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Amelexanox enhances premature termination codon read-through in COL7A1 and expression of full length type VII collagen: Potential for recessive dystrophic epidermolysis bullosa

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Velina Atanasova, Qiujie Jiang, Macro Prisco, Christina Gruber, Josefina Piñón Hofbauer, Mei Chen, Cristina Has, Bruckner-Tuderman Leena, John A. McGrath, Jouni Uitto, Andrew P. South

Original languageEnglish
Pages (from-to)1842-1849
JournalJournal of Investigative Dermatology
Volume137
Issue number9
Early online date27 Jul 2017
DOIs
Publication statusPublished - 1 Sep 2017

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Abstract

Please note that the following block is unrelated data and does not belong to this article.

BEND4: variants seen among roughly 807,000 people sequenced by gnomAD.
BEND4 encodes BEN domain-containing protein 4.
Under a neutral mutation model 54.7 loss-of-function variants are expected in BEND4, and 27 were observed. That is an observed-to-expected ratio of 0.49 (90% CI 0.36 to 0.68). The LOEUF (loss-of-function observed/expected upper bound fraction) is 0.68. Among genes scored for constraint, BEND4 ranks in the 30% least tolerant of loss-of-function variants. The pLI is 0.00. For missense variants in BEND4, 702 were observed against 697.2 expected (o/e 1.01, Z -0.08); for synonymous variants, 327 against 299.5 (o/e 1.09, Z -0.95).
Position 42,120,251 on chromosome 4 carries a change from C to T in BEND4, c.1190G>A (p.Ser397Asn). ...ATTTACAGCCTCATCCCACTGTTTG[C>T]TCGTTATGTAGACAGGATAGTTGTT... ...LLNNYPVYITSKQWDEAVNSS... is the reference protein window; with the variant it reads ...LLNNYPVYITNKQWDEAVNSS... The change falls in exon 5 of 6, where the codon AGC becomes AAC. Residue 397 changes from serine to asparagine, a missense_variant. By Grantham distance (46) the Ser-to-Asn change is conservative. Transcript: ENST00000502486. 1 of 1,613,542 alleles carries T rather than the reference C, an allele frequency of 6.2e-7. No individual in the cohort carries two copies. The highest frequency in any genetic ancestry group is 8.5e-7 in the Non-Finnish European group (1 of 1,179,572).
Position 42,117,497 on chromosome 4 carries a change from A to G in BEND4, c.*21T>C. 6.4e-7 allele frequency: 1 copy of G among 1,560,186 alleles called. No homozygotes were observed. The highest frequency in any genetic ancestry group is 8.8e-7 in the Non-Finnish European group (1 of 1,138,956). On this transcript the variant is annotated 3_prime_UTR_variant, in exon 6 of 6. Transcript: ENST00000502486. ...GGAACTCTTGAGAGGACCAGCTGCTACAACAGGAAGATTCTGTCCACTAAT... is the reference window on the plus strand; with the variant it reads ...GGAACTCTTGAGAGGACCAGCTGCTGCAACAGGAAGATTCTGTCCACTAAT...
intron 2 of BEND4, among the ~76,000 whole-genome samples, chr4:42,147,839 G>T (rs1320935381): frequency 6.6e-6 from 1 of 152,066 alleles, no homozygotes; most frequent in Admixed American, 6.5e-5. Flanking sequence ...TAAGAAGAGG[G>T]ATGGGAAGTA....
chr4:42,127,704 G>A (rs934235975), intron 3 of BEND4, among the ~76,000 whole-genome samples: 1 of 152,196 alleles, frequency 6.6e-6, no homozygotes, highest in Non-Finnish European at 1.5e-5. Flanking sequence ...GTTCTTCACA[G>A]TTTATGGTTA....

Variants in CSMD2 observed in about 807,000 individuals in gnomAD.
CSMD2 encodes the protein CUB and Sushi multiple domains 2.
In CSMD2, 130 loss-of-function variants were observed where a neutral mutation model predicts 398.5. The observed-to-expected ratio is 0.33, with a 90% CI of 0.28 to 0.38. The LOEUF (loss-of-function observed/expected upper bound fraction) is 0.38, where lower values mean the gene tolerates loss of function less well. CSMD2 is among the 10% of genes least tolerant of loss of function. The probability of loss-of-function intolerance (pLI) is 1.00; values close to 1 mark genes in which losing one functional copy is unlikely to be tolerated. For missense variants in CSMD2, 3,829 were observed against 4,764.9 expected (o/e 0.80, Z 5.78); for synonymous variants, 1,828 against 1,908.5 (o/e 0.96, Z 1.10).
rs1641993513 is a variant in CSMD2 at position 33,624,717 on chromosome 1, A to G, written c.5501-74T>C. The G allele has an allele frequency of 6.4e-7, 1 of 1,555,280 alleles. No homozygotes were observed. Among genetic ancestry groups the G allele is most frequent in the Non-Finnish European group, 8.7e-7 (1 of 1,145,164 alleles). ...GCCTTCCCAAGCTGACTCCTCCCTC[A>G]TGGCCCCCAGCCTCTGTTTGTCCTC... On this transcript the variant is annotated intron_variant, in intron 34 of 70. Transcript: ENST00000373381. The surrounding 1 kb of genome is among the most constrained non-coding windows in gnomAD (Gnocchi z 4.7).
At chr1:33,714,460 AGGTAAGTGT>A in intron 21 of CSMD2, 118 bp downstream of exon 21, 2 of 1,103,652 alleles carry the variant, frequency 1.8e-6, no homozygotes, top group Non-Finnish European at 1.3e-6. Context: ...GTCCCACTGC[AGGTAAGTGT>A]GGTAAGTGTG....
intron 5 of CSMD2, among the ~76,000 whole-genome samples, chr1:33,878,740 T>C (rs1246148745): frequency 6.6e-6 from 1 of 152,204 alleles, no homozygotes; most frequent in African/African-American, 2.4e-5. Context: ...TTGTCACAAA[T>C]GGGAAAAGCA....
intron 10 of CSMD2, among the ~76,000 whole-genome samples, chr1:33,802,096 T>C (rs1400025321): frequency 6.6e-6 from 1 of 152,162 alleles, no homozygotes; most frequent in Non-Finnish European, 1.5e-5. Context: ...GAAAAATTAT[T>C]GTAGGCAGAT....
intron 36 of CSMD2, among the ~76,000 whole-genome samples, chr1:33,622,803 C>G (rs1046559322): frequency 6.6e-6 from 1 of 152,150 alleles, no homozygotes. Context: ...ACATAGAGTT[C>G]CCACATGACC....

Recessive dystrophic epidermolysis bullosa (RDEB) is a rare monogenic blistering disorder caused by the lack of functional type VII collagen, leading to skin fragility and subsequent trauma-induced separation of the epidermis from the underlying dermis. A total of 46% of patients with RDEB harbor at least one premature termination codon (PTC) mutation in COL7A1, and previous studies have shown that aminoglycosides are able to overcome RDEB PTC mutations by inducing “read-through” and incorporation of an amino acid at the PTC site. However, aminoglycoside toxicity will likely prevent widespread clinical application. Here the FDA-approved drug amlexanox was tested for its ability to read-through PTC mutations in cells derived from patients with RDEB. Eight of 12 different PTC alleles responded to treatment and produced full length protein, in some cases more than 50% relative to normal controls. Read-through type VII collagen was readily detectable in cell culture media and also localized to the dermal-epidermal junction in organotypic skin culture. Amlexanox increased COL7A1 transcript and the phosphorylation of UPF-1, an RNA helicase associated with nonsense-mediated mRNA decay, suggesting that amlexanox inhibits nonsense-mediated mRNA decay in cells from patients with RDEB that respond to read-through treatment. This preclinical study demonstrates the potential of repurposing amlexanox for the treatment of patients with RDEB harboring PTC mutation in COL7A1.

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